My previous post looked at how to take data generated by the RateBeer API, and ingest, process, and visualize it using Exploratory, a powerful R-based analytics and data science framework. In this post, I’m going to take a look at data from Bell’s Brewery, one of the two largest in Michigan (Founders is the other), and one of the top microbreweries in the US.
Since Bell’s has been around for more than 30 years, it has produced a lot of different beers – 362 in total, according to the RateBeer data. Thiis gives me a lot of data to work with, but we’ll want to do some filtering in order to visualize the data in a meaningful way. As in the last post, my starting point is a .json file imported into Exploratory.
We’ll start with a bubble plot, as this is an effective way to see general patterns in the data. Once again, we’ll place ABV on the y-axis, and average user ratings on the x-axis:
As you can see, there’s some noise in the data, particularly from a handful of beers with a 0 rating. We’ll want to filter those beers out, but even then there will be about 350 beers, many of them with very few user ratings. We would love to be able to see if there’s a correlation between ABV and ratings for Bell’s beers; to do this, we’ll need to filter the data. Fortunately, Exploratory makes this process very simple.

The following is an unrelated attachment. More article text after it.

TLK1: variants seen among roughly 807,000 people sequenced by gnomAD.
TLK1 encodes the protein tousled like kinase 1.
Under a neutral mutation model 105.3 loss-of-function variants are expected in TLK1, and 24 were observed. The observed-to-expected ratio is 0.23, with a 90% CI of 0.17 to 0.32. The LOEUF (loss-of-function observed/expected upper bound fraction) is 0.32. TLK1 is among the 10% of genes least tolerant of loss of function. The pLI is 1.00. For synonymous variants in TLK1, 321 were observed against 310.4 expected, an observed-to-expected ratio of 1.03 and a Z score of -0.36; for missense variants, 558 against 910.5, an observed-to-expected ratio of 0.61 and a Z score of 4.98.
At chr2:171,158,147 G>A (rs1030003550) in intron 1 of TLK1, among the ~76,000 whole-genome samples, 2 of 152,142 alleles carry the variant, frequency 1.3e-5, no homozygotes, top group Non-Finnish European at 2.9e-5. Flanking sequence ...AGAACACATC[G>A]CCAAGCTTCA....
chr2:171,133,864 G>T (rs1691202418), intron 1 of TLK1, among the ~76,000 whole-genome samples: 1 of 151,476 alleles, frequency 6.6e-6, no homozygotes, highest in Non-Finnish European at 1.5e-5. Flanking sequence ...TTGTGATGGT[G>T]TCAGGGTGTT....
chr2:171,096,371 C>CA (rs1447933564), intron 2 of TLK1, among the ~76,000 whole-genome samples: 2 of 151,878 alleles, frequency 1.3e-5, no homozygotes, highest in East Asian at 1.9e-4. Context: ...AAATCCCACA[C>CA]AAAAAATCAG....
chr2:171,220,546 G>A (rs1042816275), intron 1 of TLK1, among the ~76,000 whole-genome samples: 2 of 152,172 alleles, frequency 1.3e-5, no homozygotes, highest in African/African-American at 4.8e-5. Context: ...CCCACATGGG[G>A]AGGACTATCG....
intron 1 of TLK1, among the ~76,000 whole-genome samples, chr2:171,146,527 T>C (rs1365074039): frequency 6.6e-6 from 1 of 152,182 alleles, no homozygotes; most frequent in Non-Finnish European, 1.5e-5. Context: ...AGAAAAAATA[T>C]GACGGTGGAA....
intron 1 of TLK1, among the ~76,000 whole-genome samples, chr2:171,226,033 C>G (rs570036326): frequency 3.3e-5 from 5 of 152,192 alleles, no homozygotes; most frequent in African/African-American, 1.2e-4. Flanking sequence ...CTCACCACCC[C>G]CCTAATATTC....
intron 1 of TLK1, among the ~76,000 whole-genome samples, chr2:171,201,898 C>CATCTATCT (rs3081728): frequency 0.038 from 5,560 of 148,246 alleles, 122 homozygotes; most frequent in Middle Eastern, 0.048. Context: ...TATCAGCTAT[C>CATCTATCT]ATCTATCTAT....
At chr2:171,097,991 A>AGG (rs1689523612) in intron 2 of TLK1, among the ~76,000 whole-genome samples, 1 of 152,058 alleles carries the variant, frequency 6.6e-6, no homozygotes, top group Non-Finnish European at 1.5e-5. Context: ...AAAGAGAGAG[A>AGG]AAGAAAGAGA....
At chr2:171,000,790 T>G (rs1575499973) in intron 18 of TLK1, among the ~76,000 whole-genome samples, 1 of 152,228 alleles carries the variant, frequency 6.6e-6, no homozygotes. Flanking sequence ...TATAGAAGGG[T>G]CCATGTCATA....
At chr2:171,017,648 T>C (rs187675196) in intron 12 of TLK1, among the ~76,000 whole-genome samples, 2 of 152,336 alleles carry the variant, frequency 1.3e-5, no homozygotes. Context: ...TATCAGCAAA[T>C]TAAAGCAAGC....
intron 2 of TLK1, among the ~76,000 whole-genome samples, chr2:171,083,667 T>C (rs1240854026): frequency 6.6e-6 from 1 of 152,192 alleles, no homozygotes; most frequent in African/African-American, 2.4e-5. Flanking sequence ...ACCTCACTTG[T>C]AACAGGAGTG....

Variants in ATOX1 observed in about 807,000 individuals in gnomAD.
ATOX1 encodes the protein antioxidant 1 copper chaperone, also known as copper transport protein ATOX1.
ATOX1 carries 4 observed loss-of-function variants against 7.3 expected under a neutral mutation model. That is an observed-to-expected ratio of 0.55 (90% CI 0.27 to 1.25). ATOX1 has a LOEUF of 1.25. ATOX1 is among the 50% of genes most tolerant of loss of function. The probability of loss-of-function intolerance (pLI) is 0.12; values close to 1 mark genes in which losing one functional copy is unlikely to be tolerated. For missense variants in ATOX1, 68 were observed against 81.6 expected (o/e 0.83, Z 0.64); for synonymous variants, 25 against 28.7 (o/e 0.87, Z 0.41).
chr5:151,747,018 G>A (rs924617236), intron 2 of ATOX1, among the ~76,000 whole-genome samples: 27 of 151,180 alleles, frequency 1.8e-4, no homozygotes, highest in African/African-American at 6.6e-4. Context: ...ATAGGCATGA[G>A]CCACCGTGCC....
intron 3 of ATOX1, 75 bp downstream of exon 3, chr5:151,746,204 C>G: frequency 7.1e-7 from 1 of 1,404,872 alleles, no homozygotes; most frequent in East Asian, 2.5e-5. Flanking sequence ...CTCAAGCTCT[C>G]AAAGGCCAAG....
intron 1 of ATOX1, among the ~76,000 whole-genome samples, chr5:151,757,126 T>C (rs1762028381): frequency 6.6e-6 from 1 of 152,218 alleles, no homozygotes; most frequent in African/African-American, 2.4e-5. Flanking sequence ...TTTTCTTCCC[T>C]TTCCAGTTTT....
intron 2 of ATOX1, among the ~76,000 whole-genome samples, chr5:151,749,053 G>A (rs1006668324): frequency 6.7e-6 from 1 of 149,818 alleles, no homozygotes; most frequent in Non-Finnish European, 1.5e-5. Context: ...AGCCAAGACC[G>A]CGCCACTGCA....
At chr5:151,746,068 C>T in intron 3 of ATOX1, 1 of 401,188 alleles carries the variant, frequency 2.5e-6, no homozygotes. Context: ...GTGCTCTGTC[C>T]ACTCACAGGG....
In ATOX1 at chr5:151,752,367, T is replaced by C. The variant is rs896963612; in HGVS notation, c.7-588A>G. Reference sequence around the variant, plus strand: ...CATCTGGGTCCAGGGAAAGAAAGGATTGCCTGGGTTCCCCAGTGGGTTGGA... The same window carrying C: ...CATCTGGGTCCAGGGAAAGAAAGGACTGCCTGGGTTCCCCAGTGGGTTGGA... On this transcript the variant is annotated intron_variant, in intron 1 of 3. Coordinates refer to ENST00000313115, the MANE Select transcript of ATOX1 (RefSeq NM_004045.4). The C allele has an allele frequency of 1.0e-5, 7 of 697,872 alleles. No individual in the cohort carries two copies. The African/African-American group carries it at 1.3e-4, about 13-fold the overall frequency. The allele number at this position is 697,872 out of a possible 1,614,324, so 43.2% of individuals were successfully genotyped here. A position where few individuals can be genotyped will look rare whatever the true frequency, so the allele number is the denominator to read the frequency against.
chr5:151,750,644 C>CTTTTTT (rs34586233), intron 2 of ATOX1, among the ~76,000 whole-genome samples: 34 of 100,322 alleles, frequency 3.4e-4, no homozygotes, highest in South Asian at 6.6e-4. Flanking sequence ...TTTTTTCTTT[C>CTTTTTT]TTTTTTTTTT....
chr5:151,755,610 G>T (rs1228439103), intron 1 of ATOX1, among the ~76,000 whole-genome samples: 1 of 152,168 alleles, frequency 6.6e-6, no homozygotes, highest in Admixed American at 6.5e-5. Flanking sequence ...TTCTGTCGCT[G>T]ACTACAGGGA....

We simply use the percent_rank function as follows:
This will create a new column (Pct Rank) we can use to reduce our data. We can then elect to view the top 10%, 20%, or any other criteria to manage our chart display. Let’s set our filter to grab the top 10%, as shown below:
This will reduce our data set to the 37 most frequently rated beers from Bell’s. In this case, they will each have more than 300 ratings, with many beers well over 1,000 individual ratings. This will yield a robust data set for further analysis.
Remember the chart we created a moment ago? We can now use it again, this time on top of our newly reduced data set. Exploratory allows users to simply move the chart to reflect the changes made in our filtering steps:
Now the chart displays our reduced set of 37 beers:
Wow – certainly looks like a strong correlation between ABV and ratings for the most popular Bell’s beers! We can test that assumption using the Analytics tab, and running a correlation matrix:
Our correlation value of 0.73 gives us an R-squared value of 0.53 (0.73 squared), an indication that the ABV of an individual Bell’s beer explains 53% of the average rating. This is a rather strong indicator! Our finding is that ABV levels are indeed a strong predictor of average ratings for Bell’s most popular beers.
I hope you found this interesting, and thanks again for reading.